The apothecary-leaning branding balances elegance with a folksy, homegrown charm—an ode to the “agrarian Californian pioneer,” Elias says. In 2017, the 45-year-old entrepreneur founded the Hacienda, Lowell Herb Co.’s parent company, alongside partner-in-green Sean Black—a year after California’s Proposition 64, the “Adult Use of Marijuana Act,” first passed. “We saw an opportunity to finally legitimize and normalize the cannabis experience,” Elias explains.
To create Lowell, Elias and Black shepherded the rebirth of William “Bull” Lowell’s San Louis Obispo, Calif.–based farm as a sort of displaced vengeance for a century-old beef. Lowell founded the farm in 1909, but a local official didn’t take kindly to it. That person pushed the passage of the 1913 Poison Act: the legislation that outlawed the growth of marijuana. The law shuttered the farm and landed Lowell in jail.
Today, the company honors Lowell’s mission by continuing to grow cannabis naturally, using only organic fertilizer and ensuring a living wage for all of its farmers. The company began testing for pesticides in January 2017—a full year before it was legally required—and opted to pack their single joints in glass tubes instead of plastic, an aptly green move that increased costs. “It was essential right from the start that we made every effort possible to earn the trust of our customers,” Elias explains of the recyclable, food-grade-certified and BPA-free glass material. “We care more, which has become a mantra for our business.”
The company has also courted consumers with a commitment to social justice. In a bid to combat the War on Drugs’ era of lengthy jail stays for pot infractions, the company launched its “Jobs Initiative” last May with a billboard outside L.A.’s Men’s Central Jail that read: “Recently Pardoned? We’re Hiring.” “If cannabis was discovered today, it would be treated very different, but because of its 20th-century history there is still a stigma, and there are people whose lives are still ruined,” Elias laments. Last June, the company hired its first employee via the program—a former nursing student named Sabrina, who endured a marijuana arrest during college, after her purse was stolen, then recovered (with pot and pipe inside) by her college’s campus safety officers. The fumble cost her a full-ride scholarship. “We talked about the transformation of the cannabis business from black market to regulated industry and Lowell Herb Co.’s part in that,” Elias says of the now-employee, who joined the company’s communications department.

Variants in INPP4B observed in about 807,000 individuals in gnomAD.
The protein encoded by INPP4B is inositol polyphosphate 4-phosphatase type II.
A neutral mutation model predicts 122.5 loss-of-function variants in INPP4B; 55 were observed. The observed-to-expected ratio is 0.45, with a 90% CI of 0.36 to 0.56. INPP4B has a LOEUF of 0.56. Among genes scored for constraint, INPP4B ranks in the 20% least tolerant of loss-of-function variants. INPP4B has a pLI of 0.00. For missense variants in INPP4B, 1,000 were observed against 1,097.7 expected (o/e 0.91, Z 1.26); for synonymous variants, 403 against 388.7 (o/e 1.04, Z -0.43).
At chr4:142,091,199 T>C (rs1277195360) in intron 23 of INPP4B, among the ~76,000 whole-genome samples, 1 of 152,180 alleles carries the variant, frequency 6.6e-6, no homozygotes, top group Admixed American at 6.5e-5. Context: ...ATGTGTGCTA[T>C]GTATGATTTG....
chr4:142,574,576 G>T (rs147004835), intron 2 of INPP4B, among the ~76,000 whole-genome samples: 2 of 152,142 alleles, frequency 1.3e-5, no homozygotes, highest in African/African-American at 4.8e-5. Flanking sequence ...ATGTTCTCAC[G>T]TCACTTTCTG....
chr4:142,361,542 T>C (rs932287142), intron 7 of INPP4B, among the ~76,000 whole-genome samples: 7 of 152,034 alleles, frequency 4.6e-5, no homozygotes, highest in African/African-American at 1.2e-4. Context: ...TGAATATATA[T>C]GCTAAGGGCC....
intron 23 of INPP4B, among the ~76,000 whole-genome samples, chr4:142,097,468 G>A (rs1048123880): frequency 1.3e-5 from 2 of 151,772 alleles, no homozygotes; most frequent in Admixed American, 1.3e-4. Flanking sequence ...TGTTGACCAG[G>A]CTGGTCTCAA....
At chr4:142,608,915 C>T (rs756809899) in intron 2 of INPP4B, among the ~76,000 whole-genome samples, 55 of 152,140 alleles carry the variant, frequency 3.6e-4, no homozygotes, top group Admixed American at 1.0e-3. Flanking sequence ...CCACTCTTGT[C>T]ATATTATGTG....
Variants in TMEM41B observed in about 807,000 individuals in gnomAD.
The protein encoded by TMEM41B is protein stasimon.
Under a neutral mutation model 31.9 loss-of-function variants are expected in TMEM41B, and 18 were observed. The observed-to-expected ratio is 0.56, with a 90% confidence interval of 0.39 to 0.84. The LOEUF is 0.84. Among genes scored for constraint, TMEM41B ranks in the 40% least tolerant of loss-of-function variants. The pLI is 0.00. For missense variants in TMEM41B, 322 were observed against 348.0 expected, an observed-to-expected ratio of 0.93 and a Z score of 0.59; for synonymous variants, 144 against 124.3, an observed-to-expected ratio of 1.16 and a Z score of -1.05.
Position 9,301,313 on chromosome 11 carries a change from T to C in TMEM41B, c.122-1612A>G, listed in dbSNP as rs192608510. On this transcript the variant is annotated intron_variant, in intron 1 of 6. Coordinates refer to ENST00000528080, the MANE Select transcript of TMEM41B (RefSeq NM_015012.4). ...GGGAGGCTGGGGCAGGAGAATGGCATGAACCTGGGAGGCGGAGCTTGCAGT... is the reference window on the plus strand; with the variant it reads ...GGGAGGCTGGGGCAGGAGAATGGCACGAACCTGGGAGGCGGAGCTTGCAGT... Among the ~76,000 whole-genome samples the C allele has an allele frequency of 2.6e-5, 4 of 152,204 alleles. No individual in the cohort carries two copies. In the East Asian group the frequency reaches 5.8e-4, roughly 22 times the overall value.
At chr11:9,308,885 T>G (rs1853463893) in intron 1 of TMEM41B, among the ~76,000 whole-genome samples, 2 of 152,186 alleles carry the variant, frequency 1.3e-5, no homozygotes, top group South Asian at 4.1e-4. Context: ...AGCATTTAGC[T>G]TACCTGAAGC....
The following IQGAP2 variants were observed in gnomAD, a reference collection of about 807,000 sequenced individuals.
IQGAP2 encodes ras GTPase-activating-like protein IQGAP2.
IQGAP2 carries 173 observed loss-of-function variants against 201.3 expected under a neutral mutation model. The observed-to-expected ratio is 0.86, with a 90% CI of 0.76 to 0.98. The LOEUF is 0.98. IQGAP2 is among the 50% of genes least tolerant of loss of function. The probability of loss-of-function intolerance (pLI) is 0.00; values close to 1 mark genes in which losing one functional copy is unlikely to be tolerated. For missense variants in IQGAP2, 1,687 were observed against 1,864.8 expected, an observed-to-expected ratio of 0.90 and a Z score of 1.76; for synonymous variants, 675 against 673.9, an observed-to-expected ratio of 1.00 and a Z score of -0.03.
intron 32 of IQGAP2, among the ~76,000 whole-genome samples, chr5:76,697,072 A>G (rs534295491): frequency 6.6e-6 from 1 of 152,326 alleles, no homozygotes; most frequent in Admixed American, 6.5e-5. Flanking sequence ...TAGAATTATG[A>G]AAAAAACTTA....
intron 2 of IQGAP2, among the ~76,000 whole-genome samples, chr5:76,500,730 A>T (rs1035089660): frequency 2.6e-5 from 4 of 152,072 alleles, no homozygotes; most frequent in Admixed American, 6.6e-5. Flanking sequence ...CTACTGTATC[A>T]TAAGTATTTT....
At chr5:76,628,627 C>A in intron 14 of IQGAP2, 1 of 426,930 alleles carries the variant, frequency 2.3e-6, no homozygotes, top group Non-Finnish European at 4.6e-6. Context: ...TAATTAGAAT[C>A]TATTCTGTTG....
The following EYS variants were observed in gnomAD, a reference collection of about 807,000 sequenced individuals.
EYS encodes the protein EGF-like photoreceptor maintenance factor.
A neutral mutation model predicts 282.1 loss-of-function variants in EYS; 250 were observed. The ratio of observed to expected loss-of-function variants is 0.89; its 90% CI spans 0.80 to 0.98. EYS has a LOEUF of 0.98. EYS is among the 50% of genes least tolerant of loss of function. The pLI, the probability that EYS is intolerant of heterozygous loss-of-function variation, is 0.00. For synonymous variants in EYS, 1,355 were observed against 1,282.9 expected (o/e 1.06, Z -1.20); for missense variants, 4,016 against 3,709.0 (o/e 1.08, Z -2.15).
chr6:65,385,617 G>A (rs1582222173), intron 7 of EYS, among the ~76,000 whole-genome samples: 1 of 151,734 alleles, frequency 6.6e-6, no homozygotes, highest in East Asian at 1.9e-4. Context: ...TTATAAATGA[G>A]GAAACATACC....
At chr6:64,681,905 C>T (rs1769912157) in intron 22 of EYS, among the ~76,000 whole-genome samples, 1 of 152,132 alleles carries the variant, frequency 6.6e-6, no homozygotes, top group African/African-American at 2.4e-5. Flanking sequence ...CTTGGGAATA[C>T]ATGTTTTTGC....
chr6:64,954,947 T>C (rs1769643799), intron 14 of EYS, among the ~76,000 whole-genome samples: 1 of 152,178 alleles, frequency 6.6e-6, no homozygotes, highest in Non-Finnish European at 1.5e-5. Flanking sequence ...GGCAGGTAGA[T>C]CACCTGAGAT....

For actress Bella Thorne, the company’s ethics is a main selling point: “I fuck with Lowell Farms for all the obvious reasons—how their company is treated from the inside-out. They aren’t just a ‘weed’ company, they’re helping make a change in people’s lives and their families. That is something I will always respect and support.”
Lowell is poised to continue its rapid boom via new products like Chiefs—their version of a 1-gram tobacco-free blunt, rolled in palm leaves—and a variety pack featuring seven individual prerolls from all-different strains. They’re also expanding their real-estate footprint with the purchase of a 63-acre farm in the Santa Ynez Valley, which will begin to grow this summer. And they just secured a license for an onsite consumption lounge in West Hollywood, set to open in 2020. “We plan to create one of the first high-end destination locations to enjoy cannabis, infused drinks, and food,” Elias adds, with plans to enter new markets across North America later this year.
Beyond lofty reasons like refined aesthetics and wokeness, some of Lowell’s avid consumers just want a good night’s sleep. “I’ve had sleep issues, and the bedtime indica has been a healthy alternative to prescribed ‘sleep aids,’” says photographer and director David LaChapelle, who has helmed music videos for Britney Spears, Jennifer Lopez, and more. “It leaves me feeling great in the morning and I feel a lot happier.”